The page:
Hundreds of thousands of South Sudanese refugees fleeing Sudan’s brutal war are facing “a hunger emergency,” the UN warned yesterday, with 90 percent of families going multiple days without meals.
The fighting between forces loyal to Sudanese Lieutenant-General Abdel Fattah al-Burhan and Mohamed Hamdan Daglo, commander of the Rapid Support Forces has forced nearly 300,000 people to return home in the past five months, the UN’s World Food Programme said.
The crisis was taking a particularly harsh toll on the youngest people, with 20 percent of children under the age of five malnourished, the agency said.
“We are seeing families leave one disaster for another as they flee danger in Sudan only to find despair in South Sudan,” said Mary-Ellen McGroarty, the World Food Programme’s country director in Juba.
Since fighting erupted in Sudan in the middle of April, at least 7,500 people have lost their lives, an estimate by the Armed Conflict Location & Event Data Project showed.
Multiple truces have failed to stop the violence that has driven tens of thousands over Sudan’s borders and raised fears of a humanitarian crisis engulfing the wider region.
The World Food Programme said that South Sudanese, who account for almost all the refugees arriving in South Sudan, “are returning to a country already facing unprecedented humanitarian needs.”
“Those arriving today are in an even more vulnerable condition than families that fled in the early weeks of the conflict,” it said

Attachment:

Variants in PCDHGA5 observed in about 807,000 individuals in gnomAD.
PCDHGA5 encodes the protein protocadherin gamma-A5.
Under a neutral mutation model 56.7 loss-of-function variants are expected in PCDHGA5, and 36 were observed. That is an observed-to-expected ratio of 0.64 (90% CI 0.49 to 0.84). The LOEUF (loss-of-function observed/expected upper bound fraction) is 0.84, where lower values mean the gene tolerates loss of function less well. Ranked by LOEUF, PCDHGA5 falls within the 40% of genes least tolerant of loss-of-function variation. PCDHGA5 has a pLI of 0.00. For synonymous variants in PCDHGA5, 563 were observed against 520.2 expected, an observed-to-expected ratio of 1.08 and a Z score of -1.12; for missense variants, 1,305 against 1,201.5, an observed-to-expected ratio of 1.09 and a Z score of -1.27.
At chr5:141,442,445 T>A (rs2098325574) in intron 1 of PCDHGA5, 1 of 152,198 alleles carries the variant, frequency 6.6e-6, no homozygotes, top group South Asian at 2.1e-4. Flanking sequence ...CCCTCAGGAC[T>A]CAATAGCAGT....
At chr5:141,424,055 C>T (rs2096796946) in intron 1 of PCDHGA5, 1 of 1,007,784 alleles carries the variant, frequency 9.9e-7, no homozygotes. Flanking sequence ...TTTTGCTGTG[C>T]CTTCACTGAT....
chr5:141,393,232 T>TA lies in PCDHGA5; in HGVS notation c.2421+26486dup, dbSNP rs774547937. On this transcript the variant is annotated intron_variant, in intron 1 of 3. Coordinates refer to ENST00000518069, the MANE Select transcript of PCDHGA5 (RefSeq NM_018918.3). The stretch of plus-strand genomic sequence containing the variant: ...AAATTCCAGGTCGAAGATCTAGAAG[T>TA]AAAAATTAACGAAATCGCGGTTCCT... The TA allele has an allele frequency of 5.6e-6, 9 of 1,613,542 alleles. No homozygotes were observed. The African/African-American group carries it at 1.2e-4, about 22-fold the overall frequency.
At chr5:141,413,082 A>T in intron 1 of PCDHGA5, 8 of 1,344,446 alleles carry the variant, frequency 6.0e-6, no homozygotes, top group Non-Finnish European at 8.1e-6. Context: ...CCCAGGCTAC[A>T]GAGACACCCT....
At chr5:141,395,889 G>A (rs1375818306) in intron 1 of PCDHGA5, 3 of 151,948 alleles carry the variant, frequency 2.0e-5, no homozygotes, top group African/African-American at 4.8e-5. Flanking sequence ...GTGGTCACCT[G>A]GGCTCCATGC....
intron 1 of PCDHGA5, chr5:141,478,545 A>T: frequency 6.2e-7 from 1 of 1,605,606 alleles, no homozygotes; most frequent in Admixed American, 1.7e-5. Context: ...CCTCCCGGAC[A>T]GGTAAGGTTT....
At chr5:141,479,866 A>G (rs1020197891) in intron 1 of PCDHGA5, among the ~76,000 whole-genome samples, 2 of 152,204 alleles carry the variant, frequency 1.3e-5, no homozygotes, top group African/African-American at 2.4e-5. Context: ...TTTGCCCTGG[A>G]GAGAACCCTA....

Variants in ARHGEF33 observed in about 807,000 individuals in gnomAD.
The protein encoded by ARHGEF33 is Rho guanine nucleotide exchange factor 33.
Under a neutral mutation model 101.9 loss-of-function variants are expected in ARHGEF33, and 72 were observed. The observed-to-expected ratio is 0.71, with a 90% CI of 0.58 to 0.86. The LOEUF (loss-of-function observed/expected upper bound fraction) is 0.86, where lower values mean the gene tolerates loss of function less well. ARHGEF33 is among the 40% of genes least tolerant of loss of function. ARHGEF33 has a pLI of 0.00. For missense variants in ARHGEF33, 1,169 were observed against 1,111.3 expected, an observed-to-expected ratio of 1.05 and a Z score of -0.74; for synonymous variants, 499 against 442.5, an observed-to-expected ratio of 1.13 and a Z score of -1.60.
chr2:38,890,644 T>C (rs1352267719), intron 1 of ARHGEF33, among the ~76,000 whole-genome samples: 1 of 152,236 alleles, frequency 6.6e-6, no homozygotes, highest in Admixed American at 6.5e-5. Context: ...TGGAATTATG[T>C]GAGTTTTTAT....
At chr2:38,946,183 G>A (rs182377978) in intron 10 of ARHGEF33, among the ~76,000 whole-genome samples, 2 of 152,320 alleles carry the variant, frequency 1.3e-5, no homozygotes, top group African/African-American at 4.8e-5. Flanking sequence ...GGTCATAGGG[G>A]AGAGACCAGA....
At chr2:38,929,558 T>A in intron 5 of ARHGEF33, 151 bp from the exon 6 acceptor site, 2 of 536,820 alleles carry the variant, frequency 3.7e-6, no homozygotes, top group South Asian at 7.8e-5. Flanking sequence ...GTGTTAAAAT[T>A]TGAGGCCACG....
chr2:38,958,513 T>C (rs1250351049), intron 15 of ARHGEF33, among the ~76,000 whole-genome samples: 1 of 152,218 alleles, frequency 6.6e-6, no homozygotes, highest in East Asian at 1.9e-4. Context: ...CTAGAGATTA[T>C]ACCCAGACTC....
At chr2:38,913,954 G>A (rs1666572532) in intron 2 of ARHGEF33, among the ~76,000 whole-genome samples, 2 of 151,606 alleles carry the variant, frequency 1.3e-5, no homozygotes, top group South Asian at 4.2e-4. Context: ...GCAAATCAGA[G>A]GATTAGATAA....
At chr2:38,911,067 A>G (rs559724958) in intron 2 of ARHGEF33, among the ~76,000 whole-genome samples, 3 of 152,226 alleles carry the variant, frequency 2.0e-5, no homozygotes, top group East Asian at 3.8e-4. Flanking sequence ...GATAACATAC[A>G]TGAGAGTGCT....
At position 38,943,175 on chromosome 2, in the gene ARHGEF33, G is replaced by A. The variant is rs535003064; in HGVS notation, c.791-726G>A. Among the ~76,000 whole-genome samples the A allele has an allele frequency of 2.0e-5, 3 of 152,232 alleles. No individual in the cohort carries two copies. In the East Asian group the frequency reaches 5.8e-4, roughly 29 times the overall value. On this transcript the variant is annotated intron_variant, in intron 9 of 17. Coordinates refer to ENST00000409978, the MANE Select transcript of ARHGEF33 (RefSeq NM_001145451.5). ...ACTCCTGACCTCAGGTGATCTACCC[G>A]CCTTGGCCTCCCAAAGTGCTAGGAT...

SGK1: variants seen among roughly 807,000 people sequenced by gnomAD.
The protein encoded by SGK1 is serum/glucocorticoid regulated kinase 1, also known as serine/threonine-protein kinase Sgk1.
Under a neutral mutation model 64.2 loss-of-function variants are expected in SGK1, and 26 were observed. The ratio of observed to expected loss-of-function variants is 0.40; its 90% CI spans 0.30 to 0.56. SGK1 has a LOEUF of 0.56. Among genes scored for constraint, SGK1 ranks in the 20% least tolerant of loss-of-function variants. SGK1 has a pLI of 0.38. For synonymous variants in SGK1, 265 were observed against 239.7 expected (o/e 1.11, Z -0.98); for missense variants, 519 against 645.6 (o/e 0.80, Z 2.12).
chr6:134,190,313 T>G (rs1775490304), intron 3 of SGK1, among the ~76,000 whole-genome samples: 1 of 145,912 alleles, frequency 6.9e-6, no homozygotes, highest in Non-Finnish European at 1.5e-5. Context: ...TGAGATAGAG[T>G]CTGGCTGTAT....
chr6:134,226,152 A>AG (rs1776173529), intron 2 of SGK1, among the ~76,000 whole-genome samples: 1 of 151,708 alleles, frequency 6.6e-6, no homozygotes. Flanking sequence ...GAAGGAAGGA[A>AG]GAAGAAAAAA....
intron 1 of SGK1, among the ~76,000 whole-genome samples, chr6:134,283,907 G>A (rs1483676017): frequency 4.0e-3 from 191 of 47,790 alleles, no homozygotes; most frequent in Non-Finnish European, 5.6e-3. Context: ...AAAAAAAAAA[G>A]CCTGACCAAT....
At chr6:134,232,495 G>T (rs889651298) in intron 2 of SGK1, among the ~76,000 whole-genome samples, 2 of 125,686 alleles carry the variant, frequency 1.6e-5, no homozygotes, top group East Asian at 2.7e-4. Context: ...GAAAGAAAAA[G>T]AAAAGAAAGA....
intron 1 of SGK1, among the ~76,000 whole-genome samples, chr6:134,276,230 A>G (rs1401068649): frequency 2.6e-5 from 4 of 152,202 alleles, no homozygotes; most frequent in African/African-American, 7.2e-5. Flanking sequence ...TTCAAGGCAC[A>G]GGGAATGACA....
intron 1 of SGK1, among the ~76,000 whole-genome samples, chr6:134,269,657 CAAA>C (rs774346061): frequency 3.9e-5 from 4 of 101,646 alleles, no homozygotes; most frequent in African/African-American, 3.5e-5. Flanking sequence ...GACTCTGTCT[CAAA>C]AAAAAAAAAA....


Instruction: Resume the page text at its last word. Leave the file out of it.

Torrential rains pummeling crowded camps and border crossings have worsened living conditions and exacerbated the spread of diseases, it said.
Meanwhile, South Sudanese President Salva Kiir has sacked central bank governor Johnny Ohisa Damian and other senior finance officials, state television announced on Monday.
The announcement did not say why Kiir was removing Damian and appointing James Alic Garang, an adviser to the IMF, in his place.
Kiir also replaced the central bank’s two deputy governors, the head of the government’s revenue authority and other senior officials in the finance and trade ministries.
Abrupt changes to the leadership of the central bank and finance ministry have been frequent in recent years, and in 2020 alone the central bank governor was replaced twice.
Damian only took up the position in August last year after Moses Makur Deng was removed from the role.
South Sudan’s economy has been depressed since the civil war erupted in 2013, forcing about one-quarter of its population to flee the nation.
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